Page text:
‘yes’ – confirm
… oops !
Digital watch – User Instructions
Time display              Stop watch

•   two main modes      SMTWTFS

A
SMTWTFS

STP

•   limited interface
- 3 buttons                              Depress
button A
A        A     for 2 seconds

•   button A            SMTWTFS                   SMTWTFS

SET   A                     ALM

changes mode                                            AM

Time setting             Alarm setting
Controls
   Standard window interface contain controls
   Maximize, Minimize, and Close buttons
   Scroll bars
   Record selection and record navigation arrows
   Designers should add controls to move
screens, close open windows, and to find and
search
   Browser forms also provide navigation and
support controls that applications should
support
a) The Main Menu form                b) The Order Summary form

Prototype forms for an order-centered approach to the dialog
International UIs
   International graphical interfaces
   Resemblance icons
   Reference icons
   Arbitrary icons
   Non-iconic graphics can also be problematic
Font Substitution?
   International usability engineering
   Follow same usability engineering process for each
interface
   Avoid complicated language, idiom, or local culture
references
   Simply change language?
   use ‘resource’ database instead of literal text
… but changes sizes, left-right order etc.
International UIs
   Guidelines for internationalisation
   Time and measurement vary
   Dates are problematic (e.g., D/M/Y, M/D/Y, Y.M.D, Y-M-D, etc)
 Perhaps force month to be written (e.g., 17-Sep-01)
   Metric or imperial units (e.g., °C or °F)
   Use the appropriate character set
   Difficulties translating between lowercase and uppercase (Ǽ & ǽ)
   Sorting order can be different (e.g., ß)
   Numbers and currency vary
   Separators differ (e.g., \$10,000.00 and 10.000,00 kr)
   Separate interface resources from system’s functionality
   Allow users to specify locale for their interface (e.g., Fiji or
NZ)
Gestural Interfaces
Gesture recognition is a topic in computer
science and language technology with the goal
of interpreting human gestures via
mathematical algorithms.
Gestures can originate from any bodily motion
or state but commonly originate from the face
or hand.
Many approaches have been made using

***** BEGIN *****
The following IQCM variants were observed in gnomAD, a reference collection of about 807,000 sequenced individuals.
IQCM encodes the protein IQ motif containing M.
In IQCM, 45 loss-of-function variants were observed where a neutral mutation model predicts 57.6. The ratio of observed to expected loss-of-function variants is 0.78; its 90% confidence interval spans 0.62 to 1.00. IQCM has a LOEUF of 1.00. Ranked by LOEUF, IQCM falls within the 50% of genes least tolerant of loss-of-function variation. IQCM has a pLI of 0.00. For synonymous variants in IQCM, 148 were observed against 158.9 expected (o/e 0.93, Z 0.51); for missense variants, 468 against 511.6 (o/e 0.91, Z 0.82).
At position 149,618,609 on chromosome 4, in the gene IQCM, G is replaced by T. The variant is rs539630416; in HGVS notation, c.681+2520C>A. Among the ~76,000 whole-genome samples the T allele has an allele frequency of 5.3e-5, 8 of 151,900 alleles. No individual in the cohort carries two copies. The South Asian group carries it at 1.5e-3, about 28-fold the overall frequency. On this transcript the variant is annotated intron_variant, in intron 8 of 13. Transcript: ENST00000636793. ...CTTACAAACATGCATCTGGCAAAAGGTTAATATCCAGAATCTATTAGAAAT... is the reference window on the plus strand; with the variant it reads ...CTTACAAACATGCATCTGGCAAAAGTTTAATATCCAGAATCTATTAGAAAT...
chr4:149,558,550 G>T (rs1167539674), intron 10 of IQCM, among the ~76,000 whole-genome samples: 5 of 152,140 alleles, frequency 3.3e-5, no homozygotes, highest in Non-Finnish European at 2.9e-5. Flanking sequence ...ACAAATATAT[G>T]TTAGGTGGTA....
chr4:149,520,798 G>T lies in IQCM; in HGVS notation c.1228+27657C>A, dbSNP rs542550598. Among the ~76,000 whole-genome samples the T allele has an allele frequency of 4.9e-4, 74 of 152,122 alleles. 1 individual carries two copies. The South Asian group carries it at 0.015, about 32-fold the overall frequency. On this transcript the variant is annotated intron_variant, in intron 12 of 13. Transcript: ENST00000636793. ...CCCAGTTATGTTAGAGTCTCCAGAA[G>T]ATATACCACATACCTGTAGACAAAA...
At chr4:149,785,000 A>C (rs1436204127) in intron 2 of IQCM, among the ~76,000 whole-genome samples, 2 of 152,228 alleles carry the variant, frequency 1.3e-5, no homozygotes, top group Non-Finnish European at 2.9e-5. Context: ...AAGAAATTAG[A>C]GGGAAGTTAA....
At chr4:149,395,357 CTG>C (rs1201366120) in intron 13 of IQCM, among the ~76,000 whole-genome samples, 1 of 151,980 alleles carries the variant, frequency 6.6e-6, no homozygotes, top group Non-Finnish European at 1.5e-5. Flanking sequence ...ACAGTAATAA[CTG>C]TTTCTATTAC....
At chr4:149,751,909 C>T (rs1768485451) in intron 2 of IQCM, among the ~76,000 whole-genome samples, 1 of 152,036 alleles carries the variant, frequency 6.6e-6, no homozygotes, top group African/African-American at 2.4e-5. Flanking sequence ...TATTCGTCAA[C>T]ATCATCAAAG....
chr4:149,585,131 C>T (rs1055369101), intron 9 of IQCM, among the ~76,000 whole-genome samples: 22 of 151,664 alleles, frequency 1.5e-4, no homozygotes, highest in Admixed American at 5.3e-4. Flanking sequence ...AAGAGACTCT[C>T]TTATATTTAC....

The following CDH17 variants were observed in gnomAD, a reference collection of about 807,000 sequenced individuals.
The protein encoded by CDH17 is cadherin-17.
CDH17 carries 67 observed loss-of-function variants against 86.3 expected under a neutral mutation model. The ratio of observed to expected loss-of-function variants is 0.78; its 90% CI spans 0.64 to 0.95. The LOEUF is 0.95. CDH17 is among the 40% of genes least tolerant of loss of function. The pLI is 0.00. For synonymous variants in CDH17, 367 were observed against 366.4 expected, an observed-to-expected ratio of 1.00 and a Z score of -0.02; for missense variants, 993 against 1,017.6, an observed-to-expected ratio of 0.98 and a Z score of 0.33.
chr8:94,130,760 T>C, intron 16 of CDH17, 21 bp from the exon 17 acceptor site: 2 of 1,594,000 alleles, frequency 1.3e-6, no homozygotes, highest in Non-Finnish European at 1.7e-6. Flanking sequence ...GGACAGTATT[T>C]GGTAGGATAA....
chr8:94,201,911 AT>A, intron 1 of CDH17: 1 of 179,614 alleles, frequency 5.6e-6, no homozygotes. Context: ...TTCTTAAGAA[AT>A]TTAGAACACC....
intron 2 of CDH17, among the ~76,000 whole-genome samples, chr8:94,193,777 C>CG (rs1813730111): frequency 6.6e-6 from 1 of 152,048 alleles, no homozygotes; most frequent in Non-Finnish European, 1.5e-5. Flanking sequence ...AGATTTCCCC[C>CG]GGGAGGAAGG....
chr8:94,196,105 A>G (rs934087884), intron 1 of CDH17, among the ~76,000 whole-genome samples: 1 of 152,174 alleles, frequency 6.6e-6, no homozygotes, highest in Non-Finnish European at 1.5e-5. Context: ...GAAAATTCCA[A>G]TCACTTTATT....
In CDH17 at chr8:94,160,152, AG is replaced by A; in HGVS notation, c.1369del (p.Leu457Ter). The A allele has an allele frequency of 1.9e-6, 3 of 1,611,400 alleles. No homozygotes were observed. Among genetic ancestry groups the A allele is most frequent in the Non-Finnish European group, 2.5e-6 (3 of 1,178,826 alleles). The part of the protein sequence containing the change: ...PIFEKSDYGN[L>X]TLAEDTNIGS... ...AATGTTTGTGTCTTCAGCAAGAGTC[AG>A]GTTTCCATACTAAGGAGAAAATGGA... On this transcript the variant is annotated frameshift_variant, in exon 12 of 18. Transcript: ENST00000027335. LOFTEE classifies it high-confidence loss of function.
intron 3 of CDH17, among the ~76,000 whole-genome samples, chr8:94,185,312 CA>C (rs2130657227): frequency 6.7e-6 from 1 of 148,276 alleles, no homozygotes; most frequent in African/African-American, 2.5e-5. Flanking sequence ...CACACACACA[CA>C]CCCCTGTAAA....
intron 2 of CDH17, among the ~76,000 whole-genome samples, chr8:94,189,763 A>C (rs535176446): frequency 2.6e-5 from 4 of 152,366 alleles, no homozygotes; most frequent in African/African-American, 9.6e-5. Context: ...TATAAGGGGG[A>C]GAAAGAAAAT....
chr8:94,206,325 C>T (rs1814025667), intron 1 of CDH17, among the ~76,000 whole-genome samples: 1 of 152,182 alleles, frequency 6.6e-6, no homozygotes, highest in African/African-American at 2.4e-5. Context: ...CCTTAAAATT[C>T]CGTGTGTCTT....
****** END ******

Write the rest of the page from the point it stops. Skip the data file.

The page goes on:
cameras and computer vision algorithms to
interpret sign language.
Gesture recognition
We are already living the ‘future’ that was ‘fiction’
just a short while back! Here is our chance to live
through what is shaping to be a new era of
interactive computing.

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SIGN LANGUAGE

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Gestures
Hitch hiking (thumb up,
hand moving sideways)
Gestures
Pointing to real and abstract
objects and concepts
(index, hand)
Gestures

Finger Counting

Thumb often used for
Gestures-8
I beg of you …
I hope so …
Gestures

Let’s hope its true
Gestures
Gestures
Gestures

Terminate / cut
Gestures

Love (Am Sign Language)
Gestures

Whoa, stop, …
End
Gestures

Hand Signals
1
10   100

Fall 2010
Gestures

call               out
put

Hand Signals

september         june
Gestures
   Conducting an orchestra (variety of both
gestures with arms and body)
   Traffic control of cars and airplanes (hands
flat pointing or moving)
   Shaping of imagined objects (hands tracing
out curves and shapes)
   Martial arts, fighting (variety of movements of
arms and body)
Pictograms
Pictograms
Example
   You are designing instruction system for
patients in pharmacy of Alexandria hospital-
who do not speak Arabic nor English- on how
to take their prescribed medication correctly.
   State also input/output devices

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quiz
   There are two possible methods by which a
user can start numbering the pages of a
Microsoft Word document from page zero
rather than page one. By insert –page
number and view --- header & footer ---
format page number
   How could Fitts’ law be used to predict the
time users take to carry out these

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 views: 14 posted: 3/28/2012 language: English pages: 70
Description: human computer interface lecture